Comedy is a very valuable reflective and introspective tool in our society. Comics can make us laugh at ourselves or, at least, not take ourselves so seriously. Comics can put the world in perspective when we get too caught up in political combat to “see the forest for the trees.” And they can speak truth to power as only a court jester can and has for centuries.
Comedy is an art, not a legal court proceeding or a news item. I honestly believe this cause célèbre is more of a distraction than a real issue. We are confusing the biased and deliberately inaccurate reporting by the MSM with comedy, which is an art. And, like all arts, art is in the “eye of the beholder.”
The right to free speech can only be measured by how a society treats the speech with which it does not agree or approve. Should there be reasonable limitations? Of course! And there are — in factual media: they are libel and slander law. But in comedy, where it is clear the comments are not meant to be factual, but rather entertaining, libel and slander do not apply, or, at least, the bar is significantly lower. And this, for the most part, is a good thing. Comedians like Jon Stewart, Stephen Colbert and programs like Saturday Night Live may often blur the line between information and entertainment, as Katie Couric called it on her first broadcast, “infotainment,” but there main function is the entertain. If they can inform in the process, so much the better.
Was Letterman making a “bad” joke? Maybe. Was it in poor taste? Possibly, but he did not cross the line or even lower the bar — all these kinds of jokes had been made before about other teenager girls (Paris Hilton, Nicole Richey, Britney Spears, Lindsay Lohan, Courtney Spears, Chelsea Clinton, Amy Carter, the Nixon girls, the Johnson girls and the Bush twins) in the public forum — even as underage teenagers. His intended “victim” was the “of age,” formerly married Bristol Palin (who he confused with her younger, underage sister Willow).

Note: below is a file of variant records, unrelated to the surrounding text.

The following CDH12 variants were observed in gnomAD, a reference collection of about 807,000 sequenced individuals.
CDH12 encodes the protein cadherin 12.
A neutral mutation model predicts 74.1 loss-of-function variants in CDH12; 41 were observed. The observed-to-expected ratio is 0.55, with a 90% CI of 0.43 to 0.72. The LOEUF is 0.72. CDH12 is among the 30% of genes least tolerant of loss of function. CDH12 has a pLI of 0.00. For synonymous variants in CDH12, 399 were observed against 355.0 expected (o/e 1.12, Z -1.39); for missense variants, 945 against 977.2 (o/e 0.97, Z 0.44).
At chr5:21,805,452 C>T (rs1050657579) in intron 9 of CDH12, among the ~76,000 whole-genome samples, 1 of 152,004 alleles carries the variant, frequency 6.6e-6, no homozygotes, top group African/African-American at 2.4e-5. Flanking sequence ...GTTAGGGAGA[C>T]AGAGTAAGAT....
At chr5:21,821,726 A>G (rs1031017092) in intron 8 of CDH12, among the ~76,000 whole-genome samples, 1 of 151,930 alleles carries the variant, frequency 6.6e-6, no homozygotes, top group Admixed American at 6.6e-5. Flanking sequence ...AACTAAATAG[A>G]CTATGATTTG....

Sarah Palin, like all politicians, knew when she entered the political arena that she and her family would be “fair game” for the media, both journalistic and entertainment. She knew that any mistake her kids made would be subject to public scrutiny.
She also knew that, when Bristol got pregnant out-of-wedlock and underage, that, given her political beliefs and her public evangelical Christian-based positions, that both she, her family and, especially, Bristol, would be the fodder for many jokes, and, frankly, reasonably so.
When Bristol decided to make “abstinence” ads targeted to prevent teen pregnancy, certainly Sarah should have known and informed her daughter if she didn’t know, that Bristol would be putting herself in the public forum and inviting public scrutiny and public humiliation.
So the false outrage shown by Sarah and her family mischaracterizing what Letterman said was not only a bit hysterical, it was more than a bit hypocritical.
II honestly believe this is “much ado about nothing,” or, at least, almost nothing. Certainly, it is not a measured and rational response. Further, it distracts from the real issues facing women.
If women want equality with men in all areas, including politics, they must be willing to accept the good with the bad. Men in politics have been the brunt of jokes and personal attacks from the MSM for centuries now, as evidenced by every president, especially Bill Clinton and GWB.
We wanted equality, now we have it. Suck it up and focus on the real issues that can advance the causes of women.